Many models also have Focus powers they can tap into to gain abilities or boosts to their already impressive stat lines. Speaking of Focus, one of the more interesting changes for the faction involve the Spirit Lords. Each faction’s Spirit Lord has a different ranged weapon. Additionally they all have the Psychogenic Resolve 3 ability which allows models to re-roll psychogenic malfunctions. Very handy with all the potential focus users in a Dragyri force.

Elementals are also mostly the same in scope. The larger variety are horrifying monsters that will cost you 200 points to put on the table. With the exception of the Fire Caste Embers, you can no longer summon them during the game. Speaking of Horrifying Monsters, the Arbiters of the various Castes are impressive pieces in their own right. Additionally each arbiter possesses a powerful once per game ability that they can use if they pass a PS check.

This is one of those few times where I don’t really agree with a Dark Age concept. If an ability is going to factor into a model’s point cost, you should be able to count on it. All the Arbiters have high PS, but how can you plan for an ability that won’t work twenty percent of the time? If it’s too powerful to be 100% reliable then weaken it enough that it can be counted on.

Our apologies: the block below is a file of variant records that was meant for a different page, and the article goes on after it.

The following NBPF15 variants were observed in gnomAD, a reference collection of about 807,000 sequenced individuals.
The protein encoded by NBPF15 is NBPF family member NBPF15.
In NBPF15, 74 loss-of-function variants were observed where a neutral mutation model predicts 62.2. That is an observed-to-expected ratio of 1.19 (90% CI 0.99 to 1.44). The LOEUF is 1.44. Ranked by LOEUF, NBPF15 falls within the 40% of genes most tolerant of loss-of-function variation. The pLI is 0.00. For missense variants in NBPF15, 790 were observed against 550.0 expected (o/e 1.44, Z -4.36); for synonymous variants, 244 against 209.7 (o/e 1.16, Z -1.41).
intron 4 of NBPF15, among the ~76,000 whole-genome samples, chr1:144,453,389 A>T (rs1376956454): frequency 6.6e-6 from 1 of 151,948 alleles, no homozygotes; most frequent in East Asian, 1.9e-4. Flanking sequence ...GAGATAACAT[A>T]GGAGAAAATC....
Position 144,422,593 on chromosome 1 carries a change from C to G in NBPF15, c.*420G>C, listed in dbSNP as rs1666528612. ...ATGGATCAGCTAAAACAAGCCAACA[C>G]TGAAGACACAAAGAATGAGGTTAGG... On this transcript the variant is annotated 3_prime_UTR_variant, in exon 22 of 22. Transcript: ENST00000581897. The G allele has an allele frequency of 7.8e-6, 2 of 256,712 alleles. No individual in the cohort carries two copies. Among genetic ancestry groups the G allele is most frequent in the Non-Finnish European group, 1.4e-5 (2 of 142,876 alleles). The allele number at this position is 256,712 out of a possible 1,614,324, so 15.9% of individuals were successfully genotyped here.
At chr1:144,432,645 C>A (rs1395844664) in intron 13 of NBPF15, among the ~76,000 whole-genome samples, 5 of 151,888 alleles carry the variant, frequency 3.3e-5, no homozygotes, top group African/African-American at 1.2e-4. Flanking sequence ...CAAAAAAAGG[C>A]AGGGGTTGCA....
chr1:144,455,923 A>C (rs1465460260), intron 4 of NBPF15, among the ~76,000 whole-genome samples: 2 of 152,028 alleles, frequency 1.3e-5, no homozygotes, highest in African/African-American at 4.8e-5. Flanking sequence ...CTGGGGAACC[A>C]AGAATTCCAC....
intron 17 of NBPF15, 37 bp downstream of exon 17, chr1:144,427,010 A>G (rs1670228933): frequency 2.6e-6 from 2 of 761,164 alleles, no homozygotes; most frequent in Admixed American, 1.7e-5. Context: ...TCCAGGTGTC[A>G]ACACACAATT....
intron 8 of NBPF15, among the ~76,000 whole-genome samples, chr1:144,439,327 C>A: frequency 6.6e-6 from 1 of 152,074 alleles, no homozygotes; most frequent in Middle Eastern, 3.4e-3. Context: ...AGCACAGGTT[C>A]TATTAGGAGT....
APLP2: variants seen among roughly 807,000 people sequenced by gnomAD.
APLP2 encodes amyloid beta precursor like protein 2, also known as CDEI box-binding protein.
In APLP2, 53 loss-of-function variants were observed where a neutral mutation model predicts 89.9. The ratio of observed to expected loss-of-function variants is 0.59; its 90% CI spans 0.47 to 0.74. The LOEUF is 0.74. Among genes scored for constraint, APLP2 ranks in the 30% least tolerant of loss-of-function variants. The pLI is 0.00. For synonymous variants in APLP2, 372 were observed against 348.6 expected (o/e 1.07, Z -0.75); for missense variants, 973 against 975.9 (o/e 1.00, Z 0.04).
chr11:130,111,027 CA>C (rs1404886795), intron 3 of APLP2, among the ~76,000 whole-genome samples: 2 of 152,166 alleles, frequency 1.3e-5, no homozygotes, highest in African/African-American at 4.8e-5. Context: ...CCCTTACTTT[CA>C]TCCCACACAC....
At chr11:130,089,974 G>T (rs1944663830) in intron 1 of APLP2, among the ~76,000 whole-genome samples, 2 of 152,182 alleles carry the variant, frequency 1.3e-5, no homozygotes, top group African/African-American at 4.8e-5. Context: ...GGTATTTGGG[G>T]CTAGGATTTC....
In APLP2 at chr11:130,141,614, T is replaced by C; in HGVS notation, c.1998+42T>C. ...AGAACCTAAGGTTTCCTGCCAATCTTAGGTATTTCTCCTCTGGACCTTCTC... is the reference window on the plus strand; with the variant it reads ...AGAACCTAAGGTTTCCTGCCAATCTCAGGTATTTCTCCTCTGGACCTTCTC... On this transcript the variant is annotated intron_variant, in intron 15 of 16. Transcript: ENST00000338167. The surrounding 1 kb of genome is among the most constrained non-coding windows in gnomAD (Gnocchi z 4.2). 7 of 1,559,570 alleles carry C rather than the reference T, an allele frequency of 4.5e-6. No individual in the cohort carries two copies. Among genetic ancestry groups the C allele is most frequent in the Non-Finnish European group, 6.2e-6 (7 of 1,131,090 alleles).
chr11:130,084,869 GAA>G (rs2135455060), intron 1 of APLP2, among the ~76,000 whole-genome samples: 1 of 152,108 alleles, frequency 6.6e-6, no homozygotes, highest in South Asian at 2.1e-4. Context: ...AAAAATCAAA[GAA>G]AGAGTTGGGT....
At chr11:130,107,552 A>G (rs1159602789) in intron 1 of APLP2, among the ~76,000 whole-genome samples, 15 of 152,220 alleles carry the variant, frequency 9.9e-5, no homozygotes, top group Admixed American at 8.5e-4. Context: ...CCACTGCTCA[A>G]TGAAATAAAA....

Dragyri Ice Caste

The next thing to discuss would be how all the subfactions work. The Ice Caste remain tough and hard hitting. Some of them also hand out debuffs that seem appropriate for their frigid element. Stun, Immobilize, and Paralysis don’t evoke feelings of cold by name alone, but their effects definitely give you that feeling of soldiers frozen in place or too well chilled to perform at full efficiency.

Luck’Kit’Kai, leader of the Ice Caste has 20 armor with 4 wounds, and has Unstoppable. You’ll probably have to kill him a couple of times. His mighty Frostcleaver will also bring the pain. Its stats and abilities are powerful enough to threaten anything and everything. His once per game ability Now Is Our Time will win you the initiative but Luck’Kit has to go first. Not as flashy as some of the others but as everyone who has played a game like this knows, winning the Initiative at the right time can be game changing.

Dragyri Air Caste